Electric Prayer

The Liturgy of the Hours, the Mass, and other things.

Archive for the ‘Calendars’ Category

St George in England

Posted by universalis on 23 April 2022

Today is St George’s Day, and some people in England are wondering why it does not appear in Universalis today. The reason is that this year there is a collision with Easter Saturday.

The Church’s calendar has to deal with collisions. Suppose, for instance, that the Annunciation, on the 25th of March, falls on Good Friday (as it did in 2016). Should we omit Good Friday that year, or omit the Annunciation? Or try to celebrate both at once?

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The Epiphany again

Posted by universalis on 7 January 2022

Some people get into a terrible flap after the Epiphany, and six years out of seven they write to us to say that we have got the readings wrong. So this post really ought to appear every year.

In religious parts of the world the Epiphany is celebrated when it always has been: on the 6th of January, when good children get presents from the Kings. In more commercial parts of the world the Epiphany is moved to the Sunday after New Year’s Day, so that the Twelve Days of Christmas become the Eight Days or the Fourteen Days.

The reason for all the panic is that a day such as Saturday 8 January 2022 has different readings depending on where you are. In religious countries (including England and Wales) it is 8 January, the second day after the Epiphany. In commercial countries (including Scotland and the USA) it is Saturday after Epiphany Sunday, the sixth day after the Epiphany.

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The Sacred Heart in 2022

Posted by universalis on 1 January 2022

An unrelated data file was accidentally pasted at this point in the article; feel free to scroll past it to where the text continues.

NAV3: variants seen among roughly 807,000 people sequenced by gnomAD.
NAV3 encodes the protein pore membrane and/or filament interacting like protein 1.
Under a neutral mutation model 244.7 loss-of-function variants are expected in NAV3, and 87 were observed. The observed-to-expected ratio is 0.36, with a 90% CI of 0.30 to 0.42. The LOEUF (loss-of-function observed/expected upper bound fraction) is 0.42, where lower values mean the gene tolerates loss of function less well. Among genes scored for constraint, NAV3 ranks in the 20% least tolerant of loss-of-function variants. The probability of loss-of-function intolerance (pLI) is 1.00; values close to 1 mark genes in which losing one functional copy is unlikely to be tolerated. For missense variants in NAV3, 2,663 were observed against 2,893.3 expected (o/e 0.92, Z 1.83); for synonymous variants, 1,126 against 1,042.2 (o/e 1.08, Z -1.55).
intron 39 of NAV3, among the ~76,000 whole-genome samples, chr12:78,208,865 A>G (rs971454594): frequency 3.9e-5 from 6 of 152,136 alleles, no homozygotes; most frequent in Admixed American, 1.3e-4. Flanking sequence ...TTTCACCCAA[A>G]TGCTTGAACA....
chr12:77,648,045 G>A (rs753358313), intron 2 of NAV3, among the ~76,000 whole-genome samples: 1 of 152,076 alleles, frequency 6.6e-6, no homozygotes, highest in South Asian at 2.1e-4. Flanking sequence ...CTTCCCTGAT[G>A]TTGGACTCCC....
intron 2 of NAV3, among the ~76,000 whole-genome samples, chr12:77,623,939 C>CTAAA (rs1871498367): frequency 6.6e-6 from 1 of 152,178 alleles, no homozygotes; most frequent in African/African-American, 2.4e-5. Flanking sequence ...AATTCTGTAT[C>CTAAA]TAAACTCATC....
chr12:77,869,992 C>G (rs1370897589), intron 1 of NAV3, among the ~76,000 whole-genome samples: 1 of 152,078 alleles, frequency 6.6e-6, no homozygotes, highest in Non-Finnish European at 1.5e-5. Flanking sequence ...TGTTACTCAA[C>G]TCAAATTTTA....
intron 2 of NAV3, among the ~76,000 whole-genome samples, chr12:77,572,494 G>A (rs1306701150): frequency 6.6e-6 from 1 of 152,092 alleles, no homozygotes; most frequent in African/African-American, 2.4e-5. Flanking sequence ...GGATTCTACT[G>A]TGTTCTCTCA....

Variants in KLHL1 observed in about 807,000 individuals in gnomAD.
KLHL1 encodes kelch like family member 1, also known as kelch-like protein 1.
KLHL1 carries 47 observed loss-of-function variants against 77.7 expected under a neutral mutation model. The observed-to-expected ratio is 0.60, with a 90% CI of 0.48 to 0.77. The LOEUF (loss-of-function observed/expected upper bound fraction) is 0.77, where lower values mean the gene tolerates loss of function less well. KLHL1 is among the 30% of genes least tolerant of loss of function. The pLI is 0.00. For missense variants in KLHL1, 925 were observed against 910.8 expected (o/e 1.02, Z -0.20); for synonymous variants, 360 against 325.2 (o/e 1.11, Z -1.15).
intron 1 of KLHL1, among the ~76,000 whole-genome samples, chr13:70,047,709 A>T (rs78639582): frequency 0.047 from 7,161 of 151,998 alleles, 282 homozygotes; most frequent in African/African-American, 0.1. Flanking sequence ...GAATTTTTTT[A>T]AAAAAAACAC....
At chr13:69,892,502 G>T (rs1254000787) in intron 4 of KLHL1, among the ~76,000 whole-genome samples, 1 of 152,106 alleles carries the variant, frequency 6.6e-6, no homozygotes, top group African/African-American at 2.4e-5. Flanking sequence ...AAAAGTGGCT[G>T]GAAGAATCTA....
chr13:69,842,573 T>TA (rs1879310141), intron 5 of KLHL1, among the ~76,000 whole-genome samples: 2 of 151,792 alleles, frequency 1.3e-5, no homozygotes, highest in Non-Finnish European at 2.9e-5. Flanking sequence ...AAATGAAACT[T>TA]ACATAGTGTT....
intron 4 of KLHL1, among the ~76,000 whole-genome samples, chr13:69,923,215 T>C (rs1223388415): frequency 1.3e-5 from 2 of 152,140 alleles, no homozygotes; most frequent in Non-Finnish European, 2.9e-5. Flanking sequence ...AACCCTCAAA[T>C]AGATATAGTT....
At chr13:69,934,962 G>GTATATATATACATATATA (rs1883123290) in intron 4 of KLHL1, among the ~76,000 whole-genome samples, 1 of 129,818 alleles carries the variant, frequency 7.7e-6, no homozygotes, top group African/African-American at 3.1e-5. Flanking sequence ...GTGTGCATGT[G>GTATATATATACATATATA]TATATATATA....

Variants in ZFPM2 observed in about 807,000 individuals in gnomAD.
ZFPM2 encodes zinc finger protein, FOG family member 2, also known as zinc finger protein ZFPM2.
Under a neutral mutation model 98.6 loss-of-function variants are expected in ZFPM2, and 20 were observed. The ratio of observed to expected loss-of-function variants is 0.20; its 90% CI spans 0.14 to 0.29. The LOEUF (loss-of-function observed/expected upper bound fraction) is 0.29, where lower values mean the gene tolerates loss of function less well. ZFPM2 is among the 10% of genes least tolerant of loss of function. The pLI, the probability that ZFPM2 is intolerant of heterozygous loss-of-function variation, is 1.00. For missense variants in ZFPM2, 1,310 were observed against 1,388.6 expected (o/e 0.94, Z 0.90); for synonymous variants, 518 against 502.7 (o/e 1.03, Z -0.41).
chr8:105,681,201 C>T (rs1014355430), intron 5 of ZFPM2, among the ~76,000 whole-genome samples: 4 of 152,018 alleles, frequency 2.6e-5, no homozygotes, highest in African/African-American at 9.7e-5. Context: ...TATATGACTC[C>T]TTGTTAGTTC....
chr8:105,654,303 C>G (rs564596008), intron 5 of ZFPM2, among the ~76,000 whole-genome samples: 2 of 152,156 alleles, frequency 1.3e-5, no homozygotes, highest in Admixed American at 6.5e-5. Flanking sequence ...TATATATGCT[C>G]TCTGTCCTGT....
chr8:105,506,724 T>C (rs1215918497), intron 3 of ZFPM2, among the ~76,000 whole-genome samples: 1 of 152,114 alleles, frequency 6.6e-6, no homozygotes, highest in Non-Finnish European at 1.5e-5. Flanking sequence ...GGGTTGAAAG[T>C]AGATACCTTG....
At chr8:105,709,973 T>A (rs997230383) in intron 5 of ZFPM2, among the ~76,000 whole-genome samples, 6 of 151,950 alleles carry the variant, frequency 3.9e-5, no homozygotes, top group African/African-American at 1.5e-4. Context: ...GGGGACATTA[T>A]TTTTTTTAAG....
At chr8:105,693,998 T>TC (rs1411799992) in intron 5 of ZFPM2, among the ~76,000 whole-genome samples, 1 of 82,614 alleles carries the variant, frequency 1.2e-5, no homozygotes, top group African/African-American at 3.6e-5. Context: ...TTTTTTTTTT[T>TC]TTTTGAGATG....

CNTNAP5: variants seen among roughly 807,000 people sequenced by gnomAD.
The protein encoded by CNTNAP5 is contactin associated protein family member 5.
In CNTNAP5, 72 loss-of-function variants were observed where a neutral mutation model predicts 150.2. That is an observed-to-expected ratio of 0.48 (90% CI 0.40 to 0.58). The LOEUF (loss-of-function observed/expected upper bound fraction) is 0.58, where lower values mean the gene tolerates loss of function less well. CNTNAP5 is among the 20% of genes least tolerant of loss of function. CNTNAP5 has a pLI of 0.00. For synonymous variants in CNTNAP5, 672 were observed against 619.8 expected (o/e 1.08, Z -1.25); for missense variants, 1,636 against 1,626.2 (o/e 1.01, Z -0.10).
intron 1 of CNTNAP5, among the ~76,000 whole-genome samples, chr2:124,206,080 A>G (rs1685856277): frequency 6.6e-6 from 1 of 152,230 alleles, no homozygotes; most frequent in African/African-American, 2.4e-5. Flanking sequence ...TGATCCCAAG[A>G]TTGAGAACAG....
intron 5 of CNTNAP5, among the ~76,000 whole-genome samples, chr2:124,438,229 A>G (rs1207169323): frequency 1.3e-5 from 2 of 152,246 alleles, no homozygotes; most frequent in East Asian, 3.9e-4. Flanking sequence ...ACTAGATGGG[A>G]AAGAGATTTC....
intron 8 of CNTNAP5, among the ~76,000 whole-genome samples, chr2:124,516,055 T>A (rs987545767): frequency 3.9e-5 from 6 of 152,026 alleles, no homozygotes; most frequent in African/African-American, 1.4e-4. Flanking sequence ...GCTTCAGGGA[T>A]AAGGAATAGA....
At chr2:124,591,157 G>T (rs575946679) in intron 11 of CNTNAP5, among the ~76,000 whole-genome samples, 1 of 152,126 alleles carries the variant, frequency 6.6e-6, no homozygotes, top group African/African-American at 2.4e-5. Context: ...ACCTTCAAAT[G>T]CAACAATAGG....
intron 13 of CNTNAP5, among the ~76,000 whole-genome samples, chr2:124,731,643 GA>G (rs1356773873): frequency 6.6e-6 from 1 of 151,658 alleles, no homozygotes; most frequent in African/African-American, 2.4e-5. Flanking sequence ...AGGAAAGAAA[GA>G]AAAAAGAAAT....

The Birthday of St John the Baptist is celebrated on 24 June each year. The Solemnity of the Sacred Heart of Jesus is celebrated a fixed time after Easter, and in 2022 (and 2033 and 2044) this puts it on 24 June as well.

The standard rules for coinciding feasts would keep the Sacred Heart on the 24th, as being the more important celebration, and move the Baptist back to Saturday the 25th.

However, there is a certain discomfort in having major celebrations on Saturdays, and so the Congregation of Divine Worship has decided to bring the Birthday of St John the Baptist forward to Thursday 23 June 2022. You can find the official document here.

(The one exception is in places of which St John the Baptist is the patron: in that case he remains on the 24th and the Sacred Heart is brought forward to the 23rd).

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The Epiphany again

Posted by universalis on 7 January 2021

Some people get into a terrible flap after the Epiphany, and six years out of seven they write to us to say that we have got the readings wrong. So this post really ought to appear every year.